The economy as complement, not detriment, to environment

Kevin Sliman
March 03, 2020

UNIVERSITY PARK, Pa. — There can be tensions when a large company makes a multi-million-dollar deal with a community to build facilities. Tensions can be even higher if the company is a fossil fuel company.

In a situation like that, those who are for economic development can be viewed as in opposition to environmental protection. Those who want to preserve the environment can be viewed as anti-jobs. Additionally, there are those in the community whose voices are never heard, those who feel left out of the process.

Jennifer Baka, a cofunded faculty member in the Institutes of Energy and the Environment, understands these tensions. Growing up in a small coal mining town outside of Scranton, Pennsylvania, she saw how industry could affect an entire community.

"I’d like to help craft a new narrative that sees the economy and environment as complements."

— Jennifer Baka, assistant professor of geography

During Baka's childhood, a local coal mine was on fire. Community leadership debated how best to handle the fire, which wavered between committing resources to extinguish the fire or to allowing the fire to burn out. As the debate burned on, so did the fire. The resulting fumes and smoke caused adverse respiratory effects for many in the community, who never had a say in the decision-making process.

“I don’t want to forget how policy decisions shape lives, and I want to do my best to help minimize harm,” she said.

Today, Baka works to identify methods to foster synergies between environmental regulation and economic development. Her research not only solicits information from community members, but it informs and empowers people with data so they can be part of the conversation.

“The economy and the environment are too often cast as foes in policymaking,” said Baka, assistant professor in the College of Earth and Mineral Sciences. “Unfortunately, we too often put the brakes on strengthening environmental regulations out of concern that it will translate into job losses. Yet, research shows that increasing environmental regulation has not resulted in widespread job losses across economic sectors. Thus, I’d like to help craft a new narrative that sees the economy and environment as complements.”

In a recent project, Baka has been studying the Shell Pennsylvania Petrochemicals Complex near Monaca, Pennsylvania (about 30 miles north of Pittsburgh). The complex, which is set to open in 2020, will use ethane extracted from natural gas to create plastic pellets.

The Shell Pennsylvania Petrochemicals Complex is located about 30 miles north of Pittsburgh, near Monaca and Beaver, Pennsylvania.

The Shell Pennsylvania Petrochemicals Complex is located about 30 miles north of Pittsburgh, along the Ohio River near Monaca and Beaver, Pennsylvania.

IMAGE: Penn State

“The extractive industries are part and parcel of the Pennsylvania economy,” Baka said. “Yet, this doesn’t mean we have to repeat the history of economic development and environmental protection being in opposition.”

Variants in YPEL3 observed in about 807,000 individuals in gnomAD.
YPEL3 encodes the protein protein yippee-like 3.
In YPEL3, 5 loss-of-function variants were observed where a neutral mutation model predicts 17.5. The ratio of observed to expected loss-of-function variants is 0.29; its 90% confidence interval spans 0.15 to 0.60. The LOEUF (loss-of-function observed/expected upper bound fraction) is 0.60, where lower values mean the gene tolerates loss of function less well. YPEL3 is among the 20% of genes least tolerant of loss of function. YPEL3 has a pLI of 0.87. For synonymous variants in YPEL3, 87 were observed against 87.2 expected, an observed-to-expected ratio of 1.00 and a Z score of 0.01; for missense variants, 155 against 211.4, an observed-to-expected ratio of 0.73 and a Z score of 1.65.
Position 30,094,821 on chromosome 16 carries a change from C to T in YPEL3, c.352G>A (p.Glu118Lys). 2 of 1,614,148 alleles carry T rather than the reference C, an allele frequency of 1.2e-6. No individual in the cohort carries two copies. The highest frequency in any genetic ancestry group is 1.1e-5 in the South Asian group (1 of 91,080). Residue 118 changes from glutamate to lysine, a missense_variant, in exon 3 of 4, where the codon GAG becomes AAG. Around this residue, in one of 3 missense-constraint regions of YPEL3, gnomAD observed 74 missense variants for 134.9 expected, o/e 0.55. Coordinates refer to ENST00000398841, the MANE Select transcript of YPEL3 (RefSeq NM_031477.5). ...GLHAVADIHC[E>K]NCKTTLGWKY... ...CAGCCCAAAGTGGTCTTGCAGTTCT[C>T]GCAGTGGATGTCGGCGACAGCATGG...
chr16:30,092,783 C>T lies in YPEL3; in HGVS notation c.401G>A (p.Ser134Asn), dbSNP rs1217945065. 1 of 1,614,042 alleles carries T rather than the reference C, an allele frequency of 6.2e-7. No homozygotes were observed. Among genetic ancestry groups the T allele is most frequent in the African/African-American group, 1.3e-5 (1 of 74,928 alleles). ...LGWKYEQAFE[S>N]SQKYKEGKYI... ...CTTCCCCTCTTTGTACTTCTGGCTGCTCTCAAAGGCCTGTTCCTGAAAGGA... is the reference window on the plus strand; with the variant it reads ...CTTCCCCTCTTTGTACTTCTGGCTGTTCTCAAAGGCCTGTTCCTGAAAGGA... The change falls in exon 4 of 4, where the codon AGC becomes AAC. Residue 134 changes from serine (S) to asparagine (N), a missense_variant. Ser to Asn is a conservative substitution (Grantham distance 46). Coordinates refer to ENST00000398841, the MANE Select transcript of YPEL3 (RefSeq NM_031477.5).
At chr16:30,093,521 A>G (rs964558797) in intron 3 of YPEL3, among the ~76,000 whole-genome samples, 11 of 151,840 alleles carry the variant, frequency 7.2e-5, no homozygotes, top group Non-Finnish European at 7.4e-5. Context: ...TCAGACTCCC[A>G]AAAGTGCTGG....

Baka is searching for ways to strategize on how to promote what Gov. Tom Wolf calls “responsible, well-regulated extraction.” She looks to achieve this through her expertise in political industrial ecology (PIE).

PIE is a blend of the fields of political ecology, the study of the environment through political, economic and social lenses; and industrial ecology, the study of industrial processes and their effects on the environment.

“I found that political ecology and industrial ecology think about environmental problems similarly. They both consider the broader impacts of a system, so I wanted to bring them together,” she said.

“Unfortunately, those who are most impacted by industrial development processes often have the least amount of political agency in the decision-making process.”

— Jennifer Baka

Her research involves both community engagement as well as analysis of an industrial process. In the case of the Shell Complex, Baka considers facets such as the plant’s capacity, the raw materials necessary to make the product, the transport of materials in and out of the plant and all of the communities that are involved geographically.

“It’s more than just the plant itself. It includes the pipelines and the infrastructure,” Baka said. “When you map that, it shows all of the communities and all of the geographic areas that are being impacted in some way.”

A boat pushes a barge down the Ohio River, which flows by the Shell Pennsylvania Petrochemicals Complex.

A boat pushes a barge down the Ohio River, which flows by the Shell Pennsylvania Petrochemicals Complex.

IMAGE: Creative Commons Attribution-Share Alike 4.0 International

Baka then uses that “map” to show where industrial development could negatively impact the environment or communities. She also identifies areas that may benefit from development. Additionally, she can provide useful data that can assist with carbon footprint analysis and impact assessment.

“We start our community engagement work there,” Baka said. “I see it as the building-block science that is necessary to do empirically driven community outreach.”

Another focus of PIE is identifying the voiceless, people who do not have regular or equal access to political processes, said Baka.

“Unfortunately, those who are most impacted by industrial development processes often have the least amount of political agency in the decision-making process,” she said.

Baka said she hopes to foster sustained stakeholder dialog and build community relationships as a part of her research.

“I’m hoping that by fostering engaged dialog that we, as stakeholders, can collectively figure out strategies on how to promote ‘responsible, well-regulated extraction,’” she said.

(Media Contacts)

Last Updated March 03, 2020